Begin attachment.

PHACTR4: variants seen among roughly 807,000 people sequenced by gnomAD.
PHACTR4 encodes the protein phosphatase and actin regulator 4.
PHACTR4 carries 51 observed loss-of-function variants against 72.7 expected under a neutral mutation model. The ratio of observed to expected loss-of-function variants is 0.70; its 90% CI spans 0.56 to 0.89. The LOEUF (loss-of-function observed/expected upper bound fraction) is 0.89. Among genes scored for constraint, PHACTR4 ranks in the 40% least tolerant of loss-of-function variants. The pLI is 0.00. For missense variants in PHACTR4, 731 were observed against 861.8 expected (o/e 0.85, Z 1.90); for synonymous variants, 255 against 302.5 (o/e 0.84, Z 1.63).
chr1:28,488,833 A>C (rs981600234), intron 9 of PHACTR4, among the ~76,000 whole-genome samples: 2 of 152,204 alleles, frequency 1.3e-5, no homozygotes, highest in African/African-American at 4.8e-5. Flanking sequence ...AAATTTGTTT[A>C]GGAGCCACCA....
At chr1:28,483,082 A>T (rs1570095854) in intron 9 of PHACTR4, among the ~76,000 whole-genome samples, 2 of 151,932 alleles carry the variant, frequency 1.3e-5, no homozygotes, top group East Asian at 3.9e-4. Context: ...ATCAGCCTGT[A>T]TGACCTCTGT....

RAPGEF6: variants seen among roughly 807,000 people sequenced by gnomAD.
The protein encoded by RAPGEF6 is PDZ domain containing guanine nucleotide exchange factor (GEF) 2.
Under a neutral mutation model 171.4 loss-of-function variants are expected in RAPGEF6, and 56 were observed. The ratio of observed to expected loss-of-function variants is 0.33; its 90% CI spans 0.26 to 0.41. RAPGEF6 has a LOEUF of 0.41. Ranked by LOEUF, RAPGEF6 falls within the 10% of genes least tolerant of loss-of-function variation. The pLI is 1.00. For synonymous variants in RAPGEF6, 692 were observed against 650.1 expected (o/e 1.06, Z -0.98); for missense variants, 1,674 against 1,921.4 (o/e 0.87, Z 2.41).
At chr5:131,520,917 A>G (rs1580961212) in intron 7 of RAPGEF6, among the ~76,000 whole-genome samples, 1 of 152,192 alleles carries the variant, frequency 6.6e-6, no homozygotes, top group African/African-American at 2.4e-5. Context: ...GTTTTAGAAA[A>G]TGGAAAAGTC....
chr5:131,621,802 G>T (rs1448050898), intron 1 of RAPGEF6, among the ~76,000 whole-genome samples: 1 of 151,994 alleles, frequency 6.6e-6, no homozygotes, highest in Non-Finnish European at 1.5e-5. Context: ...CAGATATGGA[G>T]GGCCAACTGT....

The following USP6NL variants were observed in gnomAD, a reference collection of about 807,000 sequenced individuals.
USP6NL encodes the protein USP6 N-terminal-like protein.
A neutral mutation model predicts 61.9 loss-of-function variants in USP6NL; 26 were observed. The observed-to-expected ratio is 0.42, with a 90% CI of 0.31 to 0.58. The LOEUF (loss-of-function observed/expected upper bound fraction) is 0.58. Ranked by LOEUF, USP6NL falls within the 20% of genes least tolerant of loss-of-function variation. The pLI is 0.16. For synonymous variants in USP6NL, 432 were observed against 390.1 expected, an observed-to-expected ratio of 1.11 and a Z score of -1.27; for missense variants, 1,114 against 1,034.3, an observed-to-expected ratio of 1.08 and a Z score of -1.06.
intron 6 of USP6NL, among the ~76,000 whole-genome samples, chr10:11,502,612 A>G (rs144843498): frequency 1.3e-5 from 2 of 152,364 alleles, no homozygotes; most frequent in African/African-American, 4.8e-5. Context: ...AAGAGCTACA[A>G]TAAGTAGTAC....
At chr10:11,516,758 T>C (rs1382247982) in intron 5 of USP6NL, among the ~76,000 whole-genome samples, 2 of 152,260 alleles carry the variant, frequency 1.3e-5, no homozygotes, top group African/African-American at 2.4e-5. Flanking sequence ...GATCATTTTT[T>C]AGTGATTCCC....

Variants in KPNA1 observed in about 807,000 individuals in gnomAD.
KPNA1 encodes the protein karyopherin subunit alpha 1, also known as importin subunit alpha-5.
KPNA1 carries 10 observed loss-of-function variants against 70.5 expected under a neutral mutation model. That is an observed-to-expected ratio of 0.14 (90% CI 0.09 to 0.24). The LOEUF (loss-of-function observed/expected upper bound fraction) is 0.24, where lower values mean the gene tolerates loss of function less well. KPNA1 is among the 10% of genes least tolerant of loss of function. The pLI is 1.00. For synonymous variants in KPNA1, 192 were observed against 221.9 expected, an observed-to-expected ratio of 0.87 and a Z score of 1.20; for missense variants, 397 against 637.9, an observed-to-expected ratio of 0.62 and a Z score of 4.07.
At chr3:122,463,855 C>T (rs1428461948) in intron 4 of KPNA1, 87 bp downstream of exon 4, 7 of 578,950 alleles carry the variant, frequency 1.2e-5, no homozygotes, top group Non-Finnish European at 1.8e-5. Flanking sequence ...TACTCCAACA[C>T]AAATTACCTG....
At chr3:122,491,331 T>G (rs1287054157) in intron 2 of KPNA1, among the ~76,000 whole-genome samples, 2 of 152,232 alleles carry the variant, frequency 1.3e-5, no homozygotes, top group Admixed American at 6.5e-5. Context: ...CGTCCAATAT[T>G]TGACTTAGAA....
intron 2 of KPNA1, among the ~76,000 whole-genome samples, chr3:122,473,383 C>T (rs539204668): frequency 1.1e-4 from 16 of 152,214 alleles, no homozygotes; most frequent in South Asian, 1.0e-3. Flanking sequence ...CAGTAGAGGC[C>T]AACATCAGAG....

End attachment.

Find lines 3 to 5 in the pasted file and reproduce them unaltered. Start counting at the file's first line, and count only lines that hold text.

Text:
PHACTR4 carries 51 observed loss-of-function variants against 72.7 expected under a neutral mutation model. The ratio of observed to expected loss-of-function variants is 0.70; its 90% CI spans 0.56 to 0.89. The LOEUF (loss-of-function observed/expected upper bound fraction) is 0.89. Among genes scored for constraint, PHACTR4 ranks in the 40% least tolerant of loss-of-function variants. The pLI is 0.00. For missense variants in PHACTR4, 731 were observed against 861.8 expected (o/e 0.85, Z 1.90); for synonymous variants, 255 against 302.5 (o/e 0.84, Z 1.63).
chr1:28,488,833 A>C (rs981600234), intron 9 of PHACTR4, among the ~76,000 whole-genome samples: 2 of 152,204 alleles, frequency 1.3e-5, no homozygotes, highest in African/African-American at 4.8e-5. Flanking sequence ...AAATTTGTTT[A>C]GGAGCCACCA....
At chr1:28,483,082 A>T (rs1570095854) in intron 9 of PHACTR4, among the ~76,000 whole-genome samples, 2 of 151,932 alleles carry the variant, frequency 1.3e-5, no homozygotes, top group East Asian at 3.9e-4. Context: ...ATCAGCCTGT[A>T]TGACCTCTGT....